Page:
Germanna internship program helping him find public service path
Since he was in the second grade, Javier Penzelina has had a dream.
Germanna Community College’s internship program is helping him make it a reality:
The 2008 Caroline High School graduate and resident of Ruther Glen knew he wanted to be involved in politics, but wasn’t sure what exactly he wanted to do or how to get his foot in the door..
Penzelina has been figuring it out with help from Cheri Ober, Germanna’s internship coordinator, who’s helped him land on Capitol Hill in the office of U.S. Rep Steny Hoyer and in Richmond on Gov. Terry McAuliffe’s staff.
Working for Rep. Hoyer in Washington, he focused on issues of concern to fellow millenials.
In Richmond, he worked in constituent services.
With the governor’s office, “I was able to get a better understanding of how state politics work, “ Penzelina said.
In Washington, he said he was surprised to see that politicians who seem to be bitter foes in the media are often friendly when they’re not in front of the cameras. Penzelina has been interested in politics since the second grade and “the 2008 presidential election confirmed my desire to pursue a career in government.”
As a result of his experience, he’s decided that “Ultimately, I’d like to run for public office.”
“Javier is focused and has a deep commitment to serve the American public,” Ober said. “I’m impressed with the sacrifices he has made to complete the two internships… these opportunities gave him the fire to want to continue his education and succeed in a political career.”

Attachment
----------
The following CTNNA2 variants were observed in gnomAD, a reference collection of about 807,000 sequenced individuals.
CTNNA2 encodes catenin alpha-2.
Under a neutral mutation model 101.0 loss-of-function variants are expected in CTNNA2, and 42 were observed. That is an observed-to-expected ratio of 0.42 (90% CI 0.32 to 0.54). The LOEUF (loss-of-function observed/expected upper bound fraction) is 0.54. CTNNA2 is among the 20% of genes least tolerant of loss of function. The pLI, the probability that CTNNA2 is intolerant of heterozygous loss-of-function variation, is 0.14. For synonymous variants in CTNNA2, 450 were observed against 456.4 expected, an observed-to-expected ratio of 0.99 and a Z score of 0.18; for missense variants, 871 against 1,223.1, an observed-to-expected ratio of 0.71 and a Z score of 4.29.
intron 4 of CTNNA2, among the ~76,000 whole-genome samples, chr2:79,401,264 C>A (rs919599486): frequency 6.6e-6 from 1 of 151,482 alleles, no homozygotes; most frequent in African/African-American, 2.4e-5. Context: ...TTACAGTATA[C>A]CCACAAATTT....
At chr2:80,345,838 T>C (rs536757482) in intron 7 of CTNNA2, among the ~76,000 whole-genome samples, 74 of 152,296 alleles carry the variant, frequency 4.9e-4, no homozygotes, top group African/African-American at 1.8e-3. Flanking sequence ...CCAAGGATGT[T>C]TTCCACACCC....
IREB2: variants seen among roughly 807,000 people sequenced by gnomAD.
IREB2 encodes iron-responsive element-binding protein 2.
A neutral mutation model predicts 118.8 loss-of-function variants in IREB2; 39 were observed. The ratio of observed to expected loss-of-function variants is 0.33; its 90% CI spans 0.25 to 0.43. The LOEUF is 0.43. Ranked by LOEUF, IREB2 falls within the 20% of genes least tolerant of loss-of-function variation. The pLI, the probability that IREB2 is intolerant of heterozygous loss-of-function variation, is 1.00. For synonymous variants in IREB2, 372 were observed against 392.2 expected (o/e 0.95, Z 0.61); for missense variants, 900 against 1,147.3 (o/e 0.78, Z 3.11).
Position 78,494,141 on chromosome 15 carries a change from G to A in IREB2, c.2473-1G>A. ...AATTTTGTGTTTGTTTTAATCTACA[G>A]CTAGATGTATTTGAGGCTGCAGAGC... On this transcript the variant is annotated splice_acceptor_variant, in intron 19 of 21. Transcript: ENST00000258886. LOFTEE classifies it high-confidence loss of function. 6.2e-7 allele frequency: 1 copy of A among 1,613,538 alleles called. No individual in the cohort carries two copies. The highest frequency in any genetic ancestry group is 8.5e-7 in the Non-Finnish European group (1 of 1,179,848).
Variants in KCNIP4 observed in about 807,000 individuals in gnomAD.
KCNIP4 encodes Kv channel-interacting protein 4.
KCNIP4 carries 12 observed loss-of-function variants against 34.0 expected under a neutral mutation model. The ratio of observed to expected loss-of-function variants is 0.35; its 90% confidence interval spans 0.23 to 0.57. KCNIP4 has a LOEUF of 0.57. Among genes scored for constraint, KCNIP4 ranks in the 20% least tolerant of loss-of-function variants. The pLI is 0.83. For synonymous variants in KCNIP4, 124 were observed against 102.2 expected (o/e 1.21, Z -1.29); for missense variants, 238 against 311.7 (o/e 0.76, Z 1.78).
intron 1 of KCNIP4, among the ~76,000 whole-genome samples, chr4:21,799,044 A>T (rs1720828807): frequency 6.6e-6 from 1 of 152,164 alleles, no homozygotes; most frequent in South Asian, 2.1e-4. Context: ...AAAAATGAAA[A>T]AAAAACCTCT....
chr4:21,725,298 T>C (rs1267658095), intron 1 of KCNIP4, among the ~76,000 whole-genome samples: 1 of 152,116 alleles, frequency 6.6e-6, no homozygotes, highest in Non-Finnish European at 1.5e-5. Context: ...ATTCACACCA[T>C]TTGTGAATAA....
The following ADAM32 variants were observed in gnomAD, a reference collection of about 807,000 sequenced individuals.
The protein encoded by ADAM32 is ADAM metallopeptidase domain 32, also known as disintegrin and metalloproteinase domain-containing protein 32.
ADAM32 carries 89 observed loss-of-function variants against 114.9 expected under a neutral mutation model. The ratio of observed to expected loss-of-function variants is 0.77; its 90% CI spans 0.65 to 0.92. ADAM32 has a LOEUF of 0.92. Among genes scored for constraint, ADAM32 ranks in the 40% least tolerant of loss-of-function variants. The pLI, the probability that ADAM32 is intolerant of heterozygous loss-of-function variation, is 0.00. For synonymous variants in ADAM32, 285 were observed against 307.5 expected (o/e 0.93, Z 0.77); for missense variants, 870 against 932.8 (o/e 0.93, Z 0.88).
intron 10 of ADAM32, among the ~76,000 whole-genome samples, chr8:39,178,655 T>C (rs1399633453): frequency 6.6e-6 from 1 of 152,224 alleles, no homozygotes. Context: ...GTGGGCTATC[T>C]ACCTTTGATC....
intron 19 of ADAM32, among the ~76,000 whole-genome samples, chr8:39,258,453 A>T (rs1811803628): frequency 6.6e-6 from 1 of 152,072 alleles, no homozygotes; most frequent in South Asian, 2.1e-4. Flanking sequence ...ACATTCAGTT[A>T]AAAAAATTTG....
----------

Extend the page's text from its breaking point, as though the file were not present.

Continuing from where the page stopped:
Penzelina thanked Ober for her help and added that Caroline Maloney, his second-grade teacher at Ladysmith Elementary School, helped him see what was possible early in life.
“She encouraged me to reach for the highest level,” he said of Maloney. “She never placed a limit on how far I could go.”
“Cheri has been a great person in my corner,” Penzellna said. He said she’s been working hard with him in an effort to land a White House internship.
Penzelina spent the early years of his life with his aunt and uncle in the northern part of the Bronx, in a neighborhood on 224th St.
“It was a diverse neighborhood and diversity was the pillar my upbringing was centered around,” he said. “When we moved to Virginia, we had to make the adjustment from a but city to a slower-paced rural area.”
Spending his formative years Virginia “has taught me more about myself,” he said, “and it is why I want to give back in the best way I know how–public service.”
The interships forced Penzellna out of his comfort zone. He said he had to assert myself in intimidating situations, speaking up in meetings with high profile people.
He will graduate from Germanna in May and will study political science at UMW.
He said he’s glad he chose to start at GCC.
“The professors here do a really good job and they’re really friendly and cater to the needs of students here..”
“For me, Germanna made economic sense,” he said. “It cut my tuition in half. I’m debt free right now. When I graduate from UMW, I won’ t have the same debt as someone who went to a university for four years.”
“I’ve really enjoyed my time at Germanna and I’m grateful for the internship opportunities,” he said. “I encourage other students to take advantage of the opportunity.”